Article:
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A space for resources to help RE teachers and their students explore the Christian faith
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Virtue Ethics

Virtue ethics: A right act is an action a virtuous person would do in the same circumstances.

The word 'virtue' is used to denote qualities that are of high moral excellence. Examples of virtuous traits include:

  • honesty
  • kindness
  • generosity
  • compassion
  • justice
  • strong morals
  • integrity
  • patience
  • self-control
  • discipline
  • courage
  • being honourable towards others.



Virtue ethics is an ethical theory that was developed by Aristotle and other ancient Greeks. It emerged as they sought to understand and live a life of good moral character. It is used by people to help them make moral decisions, particularly with regard to the attitudes and character they develop through different areas of their life.

Whilst making a moral decision, people often ask, 'How should I act?' However, with virtue ethics, the question becomes, 'What kind of person do I want to be?' For virtue ethics, the answer to this last question shapes the actions a person takes.

Virtue ethics makes an assessment of a person's actions and motives in terms of whether they are characteristics of virtuous people. In other words, it places emphasis on the person committing the act, rather than the act itself. It holds that the right act is the one that a virtuous person might take just because they always seek to do the best thing. It is not a set of rules that must be obeyed, but something that comes from the desire to develop a virtuous character.


Christians try to be virtuous people. Virtue ethics motivates them to help people as it is the thing a virtuous person would do. They don't do it to follow a set of rules, rather it is something that naturally comes from their desire to be a better person. Helping others offers opportunities for Christians to be generous and kind, giving to the poor and supporting charities. By doing this, Christians can grow and develop positive characteristics, becoming a more honourable person, one who will make the right choices when faced with moral dilemmas.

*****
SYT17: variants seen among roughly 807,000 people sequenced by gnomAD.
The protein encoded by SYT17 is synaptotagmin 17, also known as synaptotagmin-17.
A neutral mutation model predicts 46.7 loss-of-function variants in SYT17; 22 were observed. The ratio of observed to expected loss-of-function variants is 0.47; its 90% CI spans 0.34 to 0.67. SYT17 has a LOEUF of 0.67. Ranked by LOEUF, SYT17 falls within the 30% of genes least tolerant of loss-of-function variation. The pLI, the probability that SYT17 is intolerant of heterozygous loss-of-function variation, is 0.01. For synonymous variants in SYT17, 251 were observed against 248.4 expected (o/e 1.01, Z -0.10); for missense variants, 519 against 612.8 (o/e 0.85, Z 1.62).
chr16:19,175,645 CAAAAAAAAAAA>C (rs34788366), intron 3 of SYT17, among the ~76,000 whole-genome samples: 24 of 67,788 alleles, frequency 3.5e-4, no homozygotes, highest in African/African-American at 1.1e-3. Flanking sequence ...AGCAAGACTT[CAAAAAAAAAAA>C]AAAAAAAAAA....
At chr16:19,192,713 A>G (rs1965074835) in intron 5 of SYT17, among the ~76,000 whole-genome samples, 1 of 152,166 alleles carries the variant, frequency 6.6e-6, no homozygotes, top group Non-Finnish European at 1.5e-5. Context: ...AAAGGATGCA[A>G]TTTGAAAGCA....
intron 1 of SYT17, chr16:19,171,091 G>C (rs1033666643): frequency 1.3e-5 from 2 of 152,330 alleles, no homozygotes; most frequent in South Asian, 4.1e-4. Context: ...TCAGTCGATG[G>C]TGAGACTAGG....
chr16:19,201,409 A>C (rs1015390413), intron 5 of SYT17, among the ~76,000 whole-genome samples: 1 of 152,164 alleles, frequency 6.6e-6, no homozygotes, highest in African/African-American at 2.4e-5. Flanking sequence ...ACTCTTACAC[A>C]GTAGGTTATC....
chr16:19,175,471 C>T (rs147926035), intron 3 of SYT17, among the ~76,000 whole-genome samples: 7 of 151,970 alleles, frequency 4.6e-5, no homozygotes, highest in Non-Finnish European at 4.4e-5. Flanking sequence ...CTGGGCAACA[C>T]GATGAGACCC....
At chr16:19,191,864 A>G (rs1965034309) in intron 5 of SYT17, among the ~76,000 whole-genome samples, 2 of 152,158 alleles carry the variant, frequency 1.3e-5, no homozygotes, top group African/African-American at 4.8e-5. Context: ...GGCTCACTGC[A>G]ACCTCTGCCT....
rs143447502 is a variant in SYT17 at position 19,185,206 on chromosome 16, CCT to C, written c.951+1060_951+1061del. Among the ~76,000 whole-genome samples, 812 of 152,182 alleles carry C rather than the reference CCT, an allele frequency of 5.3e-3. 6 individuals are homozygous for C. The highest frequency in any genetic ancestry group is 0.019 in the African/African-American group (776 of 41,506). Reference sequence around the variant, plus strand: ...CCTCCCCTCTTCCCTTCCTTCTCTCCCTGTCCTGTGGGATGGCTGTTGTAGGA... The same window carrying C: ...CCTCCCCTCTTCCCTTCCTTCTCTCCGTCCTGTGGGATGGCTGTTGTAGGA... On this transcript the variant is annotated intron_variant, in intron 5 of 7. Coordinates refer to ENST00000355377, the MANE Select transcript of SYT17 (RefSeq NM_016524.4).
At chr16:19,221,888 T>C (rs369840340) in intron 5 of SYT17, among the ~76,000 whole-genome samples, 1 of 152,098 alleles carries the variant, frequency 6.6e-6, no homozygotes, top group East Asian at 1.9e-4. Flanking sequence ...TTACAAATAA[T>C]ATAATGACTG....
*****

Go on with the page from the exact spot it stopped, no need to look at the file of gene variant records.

To become more virtuous, a person might follow the example of someone who has virtues. For Christians, there is no greater example than Jesus. Asking, 'What Would Jesus Do?' became so popular that all kinds of merchandise have been produced with 'WWJD?' printed on them. By imitating Jesus, Christians can become more like him, practising and developing their virtues.



  • Certain virtues like compassion, honesty, and integrity are universal, so all faiths, races and cultures can use virtue ethics to equip them to make decisions.
  • It encourages people to do good things.



  • There is no general agreement on what the virtues are, and these may be relevant to some people's context, but not others.
  • There are no concrete guidelines or rules, making it difficult to pin down what is right or wrong for specific moral dilemmas.
  • Virtue ethics is open to interpretation, therefore highly subjective.